The magazine The Drinks Business recently published a list of the ten most annoying descriptions of wine. I agree with most of their judgments: for instance, ‘icon’ is just a lazy word for a wine that has an inflated reputation. ‘Reserve’ merely means ‘better than our usual stuff’. Which is the same as ‘premium’. ‘Passion’ is a stupid term, at a time when sandwich bars claim to be ‘passionate about food’. And ‘terroir’ is often a smart-alec excuse for thin, weedy wines which taste of the stones on which they were grown and little else.
Anyhow, none of these words are applied to our selection of six terrific wines from Private Cellar, a very high class merchants in East Anglia. Our first choice is a delectable NV pink sparkler from Château de Sours (1) which helped kick-start the rosé revolution a few years ago. Many pink champagnes can cost £40 or £50 a bottle, and are what we describe as ‘subtle’ and ‘elegant’, two more terms that can mean ‘doesn’t taste of very much’. Whereas the de Sours has all the powerful fruity zest of strawberries, raspberries and cream. £13.50.
So many restaurants, pubs and theatre bars offer Pinot Grigio that you wonder where it all comes from. Many merchants suspect that the label is slapped on any old white wine to hoist the price. But this Gregoris 2012, made by Antonio Fattori (3), has real class and real flavour. If you paid £6 for a glass of this in a grasping West End theatre you wouldn’t feel you’d been stiffed — and PC are offering a whole bottle for £9.95.
Now a star attraction. You will need to get your skates on to order this beauty, as there are only limited stocks. It’s a 2011 Wild Ferment Chardonnay (3) from Springfontein in South Africa, and it is superb. ‘Wild ferment’ is not a pretentious term; it just means that the wine doesn’t get any added yeast. The result is a rich, deep, multi-layered wine that I thought was a joy. As I say, you’ll need to move quickly — though if they run out, they’ll offer you the similarly delicious Sauvignon Blanc or Chenin from the same range. £14.85.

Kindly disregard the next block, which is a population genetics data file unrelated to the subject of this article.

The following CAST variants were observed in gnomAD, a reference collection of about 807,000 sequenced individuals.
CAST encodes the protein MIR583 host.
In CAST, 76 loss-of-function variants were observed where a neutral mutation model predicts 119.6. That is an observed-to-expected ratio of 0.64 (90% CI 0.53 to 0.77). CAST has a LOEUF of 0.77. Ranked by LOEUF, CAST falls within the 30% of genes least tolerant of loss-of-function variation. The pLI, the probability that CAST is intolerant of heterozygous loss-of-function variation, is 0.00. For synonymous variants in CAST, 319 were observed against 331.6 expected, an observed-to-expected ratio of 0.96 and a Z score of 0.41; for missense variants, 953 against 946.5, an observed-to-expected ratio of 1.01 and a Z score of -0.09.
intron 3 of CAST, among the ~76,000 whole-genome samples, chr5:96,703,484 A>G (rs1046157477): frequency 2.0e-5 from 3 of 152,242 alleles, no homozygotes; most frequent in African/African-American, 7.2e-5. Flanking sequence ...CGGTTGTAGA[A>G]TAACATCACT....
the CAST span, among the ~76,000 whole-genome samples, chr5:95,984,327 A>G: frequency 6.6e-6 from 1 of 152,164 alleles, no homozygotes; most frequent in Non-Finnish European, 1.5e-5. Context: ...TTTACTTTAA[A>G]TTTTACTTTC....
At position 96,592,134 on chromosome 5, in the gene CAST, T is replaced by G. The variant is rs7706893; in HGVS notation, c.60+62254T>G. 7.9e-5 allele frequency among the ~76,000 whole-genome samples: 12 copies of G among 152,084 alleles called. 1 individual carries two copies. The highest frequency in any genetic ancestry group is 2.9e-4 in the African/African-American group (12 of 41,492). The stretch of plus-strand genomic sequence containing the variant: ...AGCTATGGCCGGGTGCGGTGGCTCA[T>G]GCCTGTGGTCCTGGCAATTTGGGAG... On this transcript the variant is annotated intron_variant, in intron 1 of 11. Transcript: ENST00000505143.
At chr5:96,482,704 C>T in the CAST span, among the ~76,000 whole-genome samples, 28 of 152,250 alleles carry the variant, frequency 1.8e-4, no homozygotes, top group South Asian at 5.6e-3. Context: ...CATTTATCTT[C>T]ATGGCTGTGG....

Now our reds, and the first is a Malbec from Argentina, an Ique 2012 (4). It’s been very popular with readers for years now and if you know it, you’ll like it. A first-rate glugging wine, lighter than some Malbecs, and admirable value at £9.25.
Our next wine, a Pinotage, also comes from Springfontein and is, I regret to say, called a ‘terroir selection’. But it is still delicious. Pinotage used to be famous for being muddy — some people liked that so much they would ask merchants if they had anything muddier, like men in macs in Soho wanting something stronger. This 2008 (5) has gorgeous, dark, forest-fruit flavours, a touch of cedar, a silkiness, and is altogether luscious. You might try it in the mixed case because I am sure you’ll want to order more. £15.50.
Finally a brilliant wine from the Sassicaia family in Tuscany. This is in effect the third wine from one of the greatest of all Italian estates, and it is quite stunning: Le Difese 2010 (6). It’s 70 per cent young Cabernet vines, and 30 per cent Sangiovese, and it is complex, velvety, herbaceous, and packed with glorious flavours, proof once again that the Italians are making some of the finest red wines in the world right now. This is, I promise you, superb. £16.95.
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